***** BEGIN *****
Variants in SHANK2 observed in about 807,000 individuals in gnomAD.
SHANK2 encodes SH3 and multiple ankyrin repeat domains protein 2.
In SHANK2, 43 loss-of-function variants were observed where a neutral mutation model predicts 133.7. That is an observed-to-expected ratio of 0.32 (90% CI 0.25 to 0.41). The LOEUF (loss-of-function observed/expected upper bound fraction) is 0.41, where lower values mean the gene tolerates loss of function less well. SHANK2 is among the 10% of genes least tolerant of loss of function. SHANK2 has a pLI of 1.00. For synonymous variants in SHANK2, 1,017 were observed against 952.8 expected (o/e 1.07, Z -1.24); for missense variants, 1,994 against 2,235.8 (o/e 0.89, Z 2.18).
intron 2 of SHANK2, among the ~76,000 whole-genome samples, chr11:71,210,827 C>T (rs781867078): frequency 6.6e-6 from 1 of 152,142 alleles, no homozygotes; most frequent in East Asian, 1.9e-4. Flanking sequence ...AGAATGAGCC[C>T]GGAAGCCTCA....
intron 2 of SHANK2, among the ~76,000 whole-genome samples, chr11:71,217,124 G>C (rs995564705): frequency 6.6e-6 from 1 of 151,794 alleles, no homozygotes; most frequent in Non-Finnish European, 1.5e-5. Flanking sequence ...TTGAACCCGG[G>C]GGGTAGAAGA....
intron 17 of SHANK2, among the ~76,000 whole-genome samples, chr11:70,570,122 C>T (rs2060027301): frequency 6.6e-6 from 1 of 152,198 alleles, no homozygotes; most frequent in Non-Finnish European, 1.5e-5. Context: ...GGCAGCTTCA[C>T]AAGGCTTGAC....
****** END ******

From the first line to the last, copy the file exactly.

Variants in SHANK2 observed in about 807,000 individuals in gnomAD.
SHANK2 encodes SH3 and multiple ankyrin repeat domains protein 2.
In SHANK2, 43 loss-of-function variants were observed where a neutral mutation model predicts 133.7. That is an observed-to-expected ratio of 0.32 (90% CI 0.25 to 0.41). The LOEUF (loss-of-function observed/expected upper bound fraction) is 0.41, where lower values mean the gene tolerates loss of function less well. SHANK2 is among the 10% of genes least tolerant of loss of function. SHANK2 has a pLI of 1.00. For synonymous variants in SHANK2, 1,017 were observed against 952.8 expected (o/e 1.07, Z -1.24); for missense variants, 1,994 against 2,235.8 (o/e 0.89, Z 2.18).
intron 2 of SHANK2, among the ~76,000 whole-genome samples, chr11:71,210,827 C>T (rs781867078): frequency 6.6e-6 from 1 of 152,142 alleles, no homozygotes; most frequent in East Asian, 1.9e-4. Flanking sequence ...AGAATGAGCC[C>T]GGAAGCCTCA....
intron 2 of SHANK2, among the ~76,000 whole-genome samples, chr11:71,217,124 G>C (rs995564705): frequency 6.6e-6 from 1 of 151,794 alleles, no homozygotes; most frequent in Non-Finnish European, 1.5e-5. Flanking sequence ...TTGAACCCGG[G>C]GGGTAGAAGA....
intron 17 of SHANK2, among the ~76,000 whole-genome samples, chr11:70,570,122 C>T (rs2060027301): frequency 6.6e-6 from 1 of 152,198 alleles, no homozygotes; most frequent in Non-Finnish European, 1.5e-5. Context: ...GGCAGCTTCA[C>T]AAGGCTTGAC....